Tag Archives: localism

If you’re a small community campaign, the #gagginglaw will affect you.

Save Totley LibraryI’m annoyed that I’m starting to sound like a stuck record on this blog, but I feel the need to go back to the Transparency of Lobbying, Non-Party Campaigning and Trade Union Administration Bill again because of a potentially explosive confusion that has arisen.

Earlier today Joe Otten, a Lib Dem Sheffield Councillor, made the following claim on this blog:

No James, the Totley library campaign is not partisan, and the rules in the transparency of lobbying bill (and equally PPERA) do not apply to it. It is blatant scaremongering to suggest otherwise.

Now, I don’t claim any special knowledge of the Totley library campaign. No doubt the Labour council are claiming they have to shut it down due to central government cuts and the Lib Dems are claiming that it is solely closing because of Labour irresponsibility and opportunism. Whatever. But the argument that the bill won’t apply to such campaigns is dangerously misleading. I make no claim as to whether Otten is spinning here or has been spun to by his constituency MP Nick Clegg’s office, but either way it’s utterly fallacious.

The clue is somewhat in the name of the bill: “non-party campaigning”. “Partisan” campaigning is covered by the Political Parties, Elections and Referendums Act. The reason this bill has been introduced in the first place is that the coalition feels, in its wisdom, that non-party campaigns have been poorly regulated, and are seeking to change that.

Here are the various ways in which the bill will directly impact any small local campaign:

  • The minimum threshold that a local campaign can spend before coming under the auspices of the legislation is being cut from £10,000 to £5,000. That will include any in kind or pro bono work (such as legal advice) donated to it.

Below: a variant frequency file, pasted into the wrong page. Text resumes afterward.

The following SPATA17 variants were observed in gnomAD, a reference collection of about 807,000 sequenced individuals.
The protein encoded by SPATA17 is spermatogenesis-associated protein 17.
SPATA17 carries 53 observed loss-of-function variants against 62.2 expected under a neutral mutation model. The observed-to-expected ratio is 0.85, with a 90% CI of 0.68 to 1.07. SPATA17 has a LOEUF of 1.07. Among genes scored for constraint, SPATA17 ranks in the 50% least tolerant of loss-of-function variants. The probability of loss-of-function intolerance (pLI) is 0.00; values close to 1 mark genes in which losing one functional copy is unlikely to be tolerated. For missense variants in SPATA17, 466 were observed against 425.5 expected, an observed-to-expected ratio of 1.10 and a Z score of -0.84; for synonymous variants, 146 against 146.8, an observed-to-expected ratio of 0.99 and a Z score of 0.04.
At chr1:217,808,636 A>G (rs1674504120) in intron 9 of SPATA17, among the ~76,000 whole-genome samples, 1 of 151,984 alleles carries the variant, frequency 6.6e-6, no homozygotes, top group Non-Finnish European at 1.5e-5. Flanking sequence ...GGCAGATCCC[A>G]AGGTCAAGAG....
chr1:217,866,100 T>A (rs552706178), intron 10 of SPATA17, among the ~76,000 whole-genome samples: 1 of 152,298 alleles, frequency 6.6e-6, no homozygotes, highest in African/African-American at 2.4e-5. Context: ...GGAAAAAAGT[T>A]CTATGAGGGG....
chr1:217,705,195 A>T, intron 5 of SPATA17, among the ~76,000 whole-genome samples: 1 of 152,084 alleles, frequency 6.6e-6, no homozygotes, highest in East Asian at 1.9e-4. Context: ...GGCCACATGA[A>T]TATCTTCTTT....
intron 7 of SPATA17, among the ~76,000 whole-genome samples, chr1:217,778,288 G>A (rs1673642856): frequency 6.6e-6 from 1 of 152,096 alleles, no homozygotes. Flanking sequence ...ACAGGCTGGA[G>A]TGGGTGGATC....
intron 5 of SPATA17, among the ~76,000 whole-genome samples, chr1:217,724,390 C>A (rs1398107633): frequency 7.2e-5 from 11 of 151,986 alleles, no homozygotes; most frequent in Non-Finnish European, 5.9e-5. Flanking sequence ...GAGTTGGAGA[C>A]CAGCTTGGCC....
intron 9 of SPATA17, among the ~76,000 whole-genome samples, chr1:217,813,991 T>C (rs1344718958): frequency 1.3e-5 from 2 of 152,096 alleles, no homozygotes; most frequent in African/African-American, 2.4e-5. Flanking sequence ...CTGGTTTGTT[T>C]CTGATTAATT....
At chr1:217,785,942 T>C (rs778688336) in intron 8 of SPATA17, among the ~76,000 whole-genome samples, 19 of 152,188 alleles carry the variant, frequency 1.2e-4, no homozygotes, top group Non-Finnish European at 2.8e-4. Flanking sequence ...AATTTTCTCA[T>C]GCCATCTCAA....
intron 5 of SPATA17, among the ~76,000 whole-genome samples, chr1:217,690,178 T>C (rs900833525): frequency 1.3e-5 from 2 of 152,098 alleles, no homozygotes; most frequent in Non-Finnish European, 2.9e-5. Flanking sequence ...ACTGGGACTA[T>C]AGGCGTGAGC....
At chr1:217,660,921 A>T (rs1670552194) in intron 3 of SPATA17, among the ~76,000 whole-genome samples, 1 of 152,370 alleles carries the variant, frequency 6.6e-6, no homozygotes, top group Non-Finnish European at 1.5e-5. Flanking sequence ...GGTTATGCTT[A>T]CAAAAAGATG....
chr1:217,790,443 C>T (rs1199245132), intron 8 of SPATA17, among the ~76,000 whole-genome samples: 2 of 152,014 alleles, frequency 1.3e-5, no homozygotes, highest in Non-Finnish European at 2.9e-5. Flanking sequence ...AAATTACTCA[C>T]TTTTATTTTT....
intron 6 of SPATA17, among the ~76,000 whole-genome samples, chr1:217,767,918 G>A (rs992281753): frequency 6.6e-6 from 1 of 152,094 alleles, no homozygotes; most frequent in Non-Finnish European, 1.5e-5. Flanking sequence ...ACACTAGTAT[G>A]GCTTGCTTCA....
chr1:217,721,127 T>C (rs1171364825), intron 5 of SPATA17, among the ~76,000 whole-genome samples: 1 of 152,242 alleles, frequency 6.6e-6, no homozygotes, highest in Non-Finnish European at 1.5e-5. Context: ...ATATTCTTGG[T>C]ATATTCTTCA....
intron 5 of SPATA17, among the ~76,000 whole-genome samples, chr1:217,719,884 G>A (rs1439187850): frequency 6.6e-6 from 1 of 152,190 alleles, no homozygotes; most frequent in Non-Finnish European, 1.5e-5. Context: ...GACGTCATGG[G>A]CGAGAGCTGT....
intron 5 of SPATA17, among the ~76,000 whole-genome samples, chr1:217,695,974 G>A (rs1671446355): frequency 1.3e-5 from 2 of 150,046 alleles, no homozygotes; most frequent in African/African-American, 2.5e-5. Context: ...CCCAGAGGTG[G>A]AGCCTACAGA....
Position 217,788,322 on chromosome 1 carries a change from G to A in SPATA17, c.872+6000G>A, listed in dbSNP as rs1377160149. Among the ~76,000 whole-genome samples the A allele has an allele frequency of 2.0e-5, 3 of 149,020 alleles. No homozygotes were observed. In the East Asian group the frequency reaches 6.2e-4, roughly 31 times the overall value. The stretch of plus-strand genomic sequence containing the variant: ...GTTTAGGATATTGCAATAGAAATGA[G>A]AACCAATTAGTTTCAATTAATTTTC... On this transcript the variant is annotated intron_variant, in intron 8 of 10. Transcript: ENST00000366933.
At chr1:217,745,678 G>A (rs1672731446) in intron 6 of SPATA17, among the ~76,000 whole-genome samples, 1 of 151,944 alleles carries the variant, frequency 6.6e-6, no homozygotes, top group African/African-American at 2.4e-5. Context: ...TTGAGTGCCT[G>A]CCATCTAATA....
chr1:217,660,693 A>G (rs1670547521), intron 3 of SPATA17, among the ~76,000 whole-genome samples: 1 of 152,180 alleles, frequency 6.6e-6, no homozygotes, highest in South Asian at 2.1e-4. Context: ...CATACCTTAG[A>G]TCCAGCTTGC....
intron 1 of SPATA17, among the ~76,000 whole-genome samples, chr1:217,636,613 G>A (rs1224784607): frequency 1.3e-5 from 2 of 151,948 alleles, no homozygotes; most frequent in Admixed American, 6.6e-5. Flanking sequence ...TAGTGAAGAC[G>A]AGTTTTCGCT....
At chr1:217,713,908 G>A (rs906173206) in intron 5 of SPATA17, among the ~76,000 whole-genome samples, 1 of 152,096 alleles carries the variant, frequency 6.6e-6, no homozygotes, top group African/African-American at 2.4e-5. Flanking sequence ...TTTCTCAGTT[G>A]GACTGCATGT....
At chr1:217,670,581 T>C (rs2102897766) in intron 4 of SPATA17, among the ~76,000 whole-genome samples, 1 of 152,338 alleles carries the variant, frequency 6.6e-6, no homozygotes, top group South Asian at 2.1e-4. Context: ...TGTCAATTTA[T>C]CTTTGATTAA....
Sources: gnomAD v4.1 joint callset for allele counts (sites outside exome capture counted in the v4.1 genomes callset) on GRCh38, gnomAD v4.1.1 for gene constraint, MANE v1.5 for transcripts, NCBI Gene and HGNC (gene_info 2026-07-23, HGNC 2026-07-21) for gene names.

• A new per-constituency limit of £9,480 (or, more precisely, 2% of the party spending limit, divided up on a per-constituency basis) is being introduced.
  • If your campaign is in a coalition with another organisation (for example, you are supported by a trade union), the spending limit will apply to all the organisations in the coalition in aggregate. In other words, if your coalition partner(s) spends any money at all in the constituency, your own spending limit will be reduced accordingly.
  • The regulated period will apply for 12 months before an election takes place. So, for the 2015 general election, it will commence in May 2014.
  • Once parliament has dissolved and the “short” election campaign itself has commenced, your group will have to submit weekly spending and donation reports to the Electoral Commission.

All of which is all very well, but will it apply to a non-political grassroots campaign that explicitly doesn’t support any candidate?

Well, it all depends on whether it is deemed that your campaign has a significant effect on the election or not. Fundamentally, that will all depend on how successful your campaign is. Campaigns that are deemed to not put politicians under any pressure will have, of course, little to worry about. Most campaigns however, at least aim to make an impact. And if you do, while the distinction in your mind between publicly criticising a councillor or MP for failing to support your issue and calling for people to not vote for a councillor or MP for failing to support your issue might be clear in your mind, it won’t necessarily be quite so clear in the mind of the solicitor the candidate your are criticising has paid to write you a stern and threatening legal letter. The Electoral Commission, who will be the ultimate arbiters of this legislation, have themselves repeatedly warned that it is too vague to be enforced.